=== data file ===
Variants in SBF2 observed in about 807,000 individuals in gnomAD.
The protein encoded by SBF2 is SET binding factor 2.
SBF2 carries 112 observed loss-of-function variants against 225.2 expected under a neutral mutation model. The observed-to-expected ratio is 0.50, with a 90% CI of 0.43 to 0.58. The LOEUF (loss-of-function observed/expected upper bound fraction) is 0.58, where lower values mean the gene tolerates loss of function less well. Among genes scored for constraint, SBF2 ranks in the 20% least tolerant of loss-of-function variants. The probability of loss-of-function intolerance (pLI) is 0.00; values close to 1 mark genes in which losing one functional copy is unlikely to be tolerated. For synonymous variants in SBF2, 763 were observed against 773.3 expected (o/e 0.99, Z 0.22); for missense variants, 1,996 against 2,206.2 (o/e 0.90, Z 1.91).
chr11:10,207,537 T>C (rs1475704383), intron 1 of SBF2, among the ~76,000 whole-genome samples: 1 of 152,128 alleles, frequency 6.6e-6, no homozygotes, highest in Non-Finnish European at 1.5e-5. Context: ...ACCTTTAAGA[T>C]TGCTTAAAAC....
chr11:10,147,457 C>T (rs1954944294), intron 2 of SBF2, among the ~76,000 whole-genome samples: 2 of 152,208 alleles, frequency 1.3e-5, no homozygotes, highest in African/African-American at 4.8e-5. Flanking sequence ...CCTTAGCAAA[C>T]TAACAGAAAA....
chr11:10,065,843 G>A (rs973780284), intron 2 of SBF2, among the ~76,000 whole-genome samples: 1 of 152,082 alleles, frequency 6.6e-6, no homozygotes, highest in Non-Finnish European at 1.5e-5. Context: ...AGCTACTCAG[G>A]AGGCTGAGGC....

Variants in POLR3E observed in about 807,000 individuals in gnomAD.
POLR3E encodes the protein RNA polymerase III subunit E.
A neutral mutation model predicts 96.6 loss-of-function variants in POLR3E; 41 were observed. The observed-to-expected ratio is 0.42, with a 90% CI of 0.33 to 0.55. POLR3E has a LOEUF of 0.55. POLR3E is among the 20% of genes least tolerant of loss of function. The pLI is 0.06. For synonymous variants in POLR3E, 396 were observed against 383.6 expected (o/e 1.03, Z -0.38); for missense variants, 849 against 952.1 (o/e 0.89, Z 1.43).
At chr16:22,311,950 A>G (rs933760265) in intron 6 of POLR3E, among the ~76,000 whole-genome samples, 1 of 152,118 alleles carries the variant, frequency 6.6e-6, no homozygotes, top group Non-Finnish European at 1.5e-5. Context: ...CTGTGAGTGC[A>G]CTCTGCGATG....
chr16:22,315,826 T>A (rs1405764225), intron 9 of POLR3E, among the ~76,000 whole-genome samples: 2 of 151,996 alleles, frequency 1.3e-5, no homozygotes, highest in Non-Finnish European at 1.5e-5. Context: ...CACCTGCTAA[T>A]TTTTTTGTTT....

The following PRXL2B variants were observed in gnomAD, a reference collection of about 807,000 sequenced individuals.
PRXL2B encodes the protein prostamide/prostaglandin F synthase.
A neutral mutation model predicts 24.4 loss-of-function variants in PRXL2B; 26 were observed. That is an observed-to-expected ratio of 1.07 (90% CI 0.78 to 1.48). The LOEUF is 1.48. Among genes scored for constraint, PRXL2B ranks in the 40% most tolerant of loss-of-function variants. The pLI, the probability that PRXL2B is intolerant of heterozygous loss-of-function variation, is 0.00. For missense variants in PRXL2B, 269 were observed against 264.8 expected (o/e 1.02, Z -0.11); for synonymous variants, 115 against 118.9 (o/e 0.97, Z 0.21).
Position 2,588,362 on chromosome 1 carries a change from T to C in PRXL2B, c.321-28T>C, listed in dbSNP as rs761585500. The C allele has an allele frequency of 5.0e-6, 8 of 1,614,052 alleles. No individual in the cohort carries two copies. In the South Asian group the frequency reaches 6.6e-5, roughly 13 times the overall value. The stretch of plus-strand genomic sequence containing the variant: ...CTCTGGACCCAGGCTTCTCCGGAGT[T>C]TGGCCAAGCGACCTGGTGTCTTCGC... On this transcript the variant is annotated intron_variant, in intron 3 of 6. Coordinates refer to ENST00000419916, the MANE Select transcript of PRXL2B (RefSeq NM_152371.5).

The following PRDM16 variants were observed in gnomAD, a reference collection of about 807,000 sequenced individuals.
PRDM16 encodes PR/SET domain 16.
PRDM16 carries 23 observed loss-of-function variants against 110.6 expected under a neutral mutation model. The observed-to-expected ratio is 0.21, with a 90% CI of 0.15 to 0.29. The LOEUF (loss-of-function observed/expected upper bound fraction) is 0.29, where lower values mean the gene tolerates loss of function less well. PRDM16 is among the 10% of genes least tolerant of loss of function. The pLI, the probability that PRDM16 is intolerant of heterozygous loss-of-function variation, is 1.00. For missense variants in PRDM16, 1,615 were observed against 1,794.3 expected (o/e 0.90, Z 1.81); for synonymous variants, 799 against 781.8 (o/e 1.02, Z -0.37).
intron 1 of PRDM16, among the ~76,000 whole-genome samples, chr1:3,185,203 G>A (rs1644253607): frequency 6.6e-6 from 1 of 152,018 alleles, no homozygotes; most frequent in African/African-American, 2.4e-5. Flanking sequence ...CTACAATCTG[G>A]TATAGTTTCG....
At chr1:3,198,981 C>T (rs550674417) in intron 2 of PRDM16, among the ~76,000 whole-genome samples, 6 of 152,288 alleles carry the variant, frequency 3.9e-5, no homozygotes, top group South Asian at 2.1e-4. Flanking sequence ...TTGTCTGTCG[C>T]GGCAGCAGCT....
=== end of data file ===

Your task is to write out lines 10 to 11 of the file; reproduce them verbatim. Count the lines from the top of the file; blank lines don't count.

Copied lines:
At chr16:22,311,950 A>G (rs933760265) in intron 6 of POLR3E, among the ~76,000 whole-genome samples, 1 of 152,118 alleles carries the variant, frequency 6.6e-6, no homozygotes, top group Non-Finnish European at 1.5e-5. Context: ...CTGTGAGTGC[A>G]CTCTGCGATG....
chr16:22,315,826 T>A (rs1405764225), intron 9 of POLR3E, among the ~76,000 whole-genome samples: 2 of 151,996 alleles, frequency 1.3e-5, no homozygotes, highest in Non-Finnish European at 1.5e-5. Context: ...CACCTGCTAA[T>A]TTTTTTGTTT....